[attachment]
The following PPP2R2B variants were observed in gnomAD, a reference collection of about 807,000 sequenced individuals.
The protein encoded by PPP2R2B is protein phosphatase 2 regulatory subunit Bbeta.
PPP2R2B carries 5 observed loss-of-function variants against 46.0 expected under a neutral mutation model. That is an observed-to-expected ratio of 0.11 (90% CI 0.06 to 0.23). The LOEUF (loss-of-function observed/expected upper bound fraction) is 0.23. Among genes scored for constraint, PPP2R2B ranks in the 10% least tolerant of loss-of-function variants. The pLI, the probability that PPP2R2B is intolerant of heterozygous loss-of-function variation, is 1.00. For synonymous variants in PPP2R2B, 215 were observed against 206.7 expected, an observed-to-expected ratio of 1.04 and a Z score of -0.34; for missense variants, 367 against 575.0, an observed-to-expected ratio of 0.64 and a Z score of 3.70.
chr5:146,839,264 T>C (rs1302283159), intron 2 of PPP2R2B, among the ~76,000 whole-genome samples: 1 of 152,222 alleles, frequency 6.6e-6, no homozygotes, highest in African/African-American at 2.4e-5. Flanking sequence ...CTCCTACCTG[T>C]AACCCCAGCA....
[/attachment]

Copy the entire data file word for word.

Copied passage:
The following PPP2R2B variants were observed in gnomAD, a reference collection of about 807,000 sequenced individuals.
The protein encoded by PPP2R2B is protein phosphatase 2 regulatory subunit Bbeta.
PPP2R2B carries 5 observed loss-of-function variants against 46.0 expected under a neutral mutation model. That is an observed-to-expected ratio of 0.11 (90% CI 0.06 to 0.23). The LOEUF (loss-of-function observed/expected upper bound fraction) is 0.23. Among genes scored for constraint, PPP2R2B ranks in the 10% least tolerant of loss-of-function variants. The pLI, the probability that PPP2R2B is intolerant of heterozygous loss-of-function variation, is 1.00. For synonymous variants in PPP2R2B, 215 were observed against 206.7 expected, an observed-to-expected ratio of 1.04 and a Z score of -0.34; for missense variants, 367 against 575.0, an observed-to-expected ratio of 0.64 and a Z score of 3.70.
chr5:146,839,264 T>C (rs1302283159), intron 2 of PPP2R2B, among the ~76,000 whole-genome samples: 1 of 152,222 alleles, frequency 6.6e-6, no homozygotes, highest in African/African-American at 2.4e-5. Flanking sequence ...CTCCTACCTG[T>C]AACCCCAGCA....